The decision made, I felt the weight lift from my shoulders. I slid through the narrow gap, the jagged edges of the stone almost touching my arms, giving me the distinct sensation of teeth closing in for a bite. I tried to ignore the feeling, though it was difficult, telling myself it was just the stories I had heard as a child coming to life in my head.
Three days before I had crossed this same threshold with Jasryl. That had been a different occasion, both of us filled with awe and excitement. Now every harbinger seemed to point toward doom.
I knelt in the opening of the cave where there was still enough light that I could see and fought with the lantern I had brought, trying to get it to stay lit. The wind was very strong, gusting at times, almost sweet smelling, alive with the earth itself. As I crouched over the lantern, trying to spark the oil, the words came on the wind again, more distinct this time, the voice clearly recognizable.
“Help me. I am here. Help me. I am trapped.”
The entrance to the cave had been lost for several lifetimes, until Jasryl and I found it while exploring in the cloud forest in the mountains that surrounded Huispar. The caves that ran through the mountains had long been the source of tales among our people, involving the end of the beginning of the world, and gods and demons and such. Now they were little more than stories used to frighten children to bed.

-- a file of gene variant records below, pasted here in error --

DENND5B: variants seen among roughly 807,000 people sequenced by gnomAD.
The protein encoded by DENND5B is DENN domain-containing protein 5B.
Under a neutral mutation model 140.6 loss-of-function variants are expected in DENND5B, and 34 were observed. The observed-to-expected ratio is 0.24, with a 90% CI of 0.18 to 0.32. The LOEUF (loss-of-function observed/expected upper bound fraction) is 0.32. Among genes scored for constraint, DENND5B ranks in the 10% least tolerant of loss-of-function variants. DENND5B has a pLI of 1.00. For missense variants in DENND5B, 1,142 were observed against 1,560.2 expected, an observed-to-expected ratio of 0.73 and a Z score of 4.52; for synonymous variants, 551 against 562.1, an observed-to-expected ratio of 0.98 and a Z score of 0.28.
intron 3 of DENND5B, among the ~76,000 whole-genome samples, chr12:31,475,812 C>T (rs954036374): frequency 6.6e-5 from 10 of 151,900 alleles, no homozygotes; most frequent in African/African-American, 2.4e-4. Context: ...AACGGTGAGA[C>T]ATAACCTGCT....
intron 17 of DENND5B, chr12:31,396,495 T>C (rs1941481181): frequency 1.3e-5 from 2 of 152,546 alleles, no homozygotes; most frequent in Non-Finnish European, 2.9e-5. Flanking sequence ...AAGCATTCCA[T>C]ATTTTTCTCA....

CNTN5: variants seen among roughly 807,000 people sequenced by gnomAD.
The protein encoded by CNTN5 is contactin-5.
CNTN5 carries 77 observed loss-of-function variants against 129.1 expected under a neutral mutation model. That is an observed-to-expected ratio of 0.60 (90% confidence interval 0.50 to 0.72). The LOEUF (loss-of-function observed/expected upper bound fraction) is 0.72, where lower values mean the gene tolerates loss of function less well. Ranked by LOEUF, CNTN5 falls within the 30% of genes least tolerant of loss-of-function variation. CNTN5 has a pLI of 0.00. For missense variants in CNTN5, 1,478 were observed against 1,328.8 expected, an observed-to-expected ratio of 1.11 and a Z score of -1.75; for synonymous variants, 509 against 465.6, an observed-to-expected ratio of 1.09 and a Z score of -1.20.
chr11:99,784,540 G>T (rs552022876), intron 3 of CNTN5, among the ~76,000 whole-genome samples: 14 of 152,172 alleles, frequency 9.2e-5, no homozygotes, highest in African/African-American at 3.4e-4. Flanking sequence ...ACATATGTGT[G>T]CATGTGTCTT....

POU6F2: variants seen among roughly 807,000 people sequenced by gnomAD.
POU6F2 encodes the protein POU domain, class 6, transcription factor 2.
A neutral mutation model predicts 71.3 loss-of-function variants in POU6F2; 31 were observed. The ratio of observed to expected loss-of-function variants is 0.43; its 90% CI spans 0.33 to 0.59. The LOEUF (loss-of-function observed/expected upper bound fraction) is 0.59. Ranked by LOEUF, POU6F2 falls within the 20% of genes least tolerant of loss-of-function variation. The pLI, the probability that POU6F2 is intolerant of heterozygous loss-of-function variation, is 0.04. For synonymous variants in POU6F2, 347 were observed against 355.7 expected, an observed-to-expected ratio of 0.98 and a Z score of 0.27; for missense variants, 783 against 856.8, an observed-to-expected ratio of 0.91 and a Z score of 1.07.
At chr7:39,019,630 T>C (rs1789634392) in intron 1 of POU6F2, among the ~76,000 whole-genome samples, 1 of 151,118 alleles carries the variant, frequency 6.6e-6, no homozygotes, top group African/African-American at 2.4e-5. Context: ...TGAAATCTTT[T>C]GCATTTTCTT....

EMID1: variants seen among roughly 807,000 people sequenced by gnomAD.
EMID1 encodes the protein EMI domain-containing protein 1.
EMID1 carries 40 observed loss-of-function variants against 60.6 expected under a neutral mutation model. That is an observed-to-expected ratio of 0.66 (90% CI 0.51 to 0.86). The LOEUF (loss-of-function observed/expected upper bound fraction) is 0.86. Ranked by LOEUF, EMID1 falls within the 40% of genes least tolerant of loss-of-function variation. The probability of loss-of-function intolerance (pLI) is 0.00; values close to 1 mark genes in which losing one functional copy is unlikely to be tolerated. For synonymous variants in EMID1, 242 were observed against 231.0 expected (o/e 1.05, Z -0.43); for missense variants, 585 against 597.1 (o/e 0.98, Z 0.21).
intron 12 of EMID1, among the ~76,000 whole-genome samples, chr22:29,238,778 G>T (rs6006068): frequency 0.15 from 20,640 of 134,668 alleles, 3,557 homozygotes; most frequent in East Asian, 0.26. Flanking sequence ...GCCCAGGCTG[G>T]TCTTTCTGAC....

The Mouth of the Underworld, it was called. Any who passed through it were eaten and became lost souls. It was some unfortunates emerged years or decades later, their bodies twisted and gnarled, their feet pointing backwards and their eyes gone blind.
Such tales carried a great deal less weight after the Ven brought the railroad through the mountains to Huispar and, with it, entry into Niedellun. Jasryl and I were the first generation of Hautlyren to grow up with no memory of a time before the railroad, and we embraced this new era with open arms, while our parents talked of the old ways and shook their heads sadly. Before the railroad Huispar had been isolated, little more than a village, places like Yurital as fabulous as any tale told of the Mouth to the Underworld. Now it was Yurital and the rest of Niedellun that were the eaters of souls, for many, like my older brother, had gotten aboard the train never to return.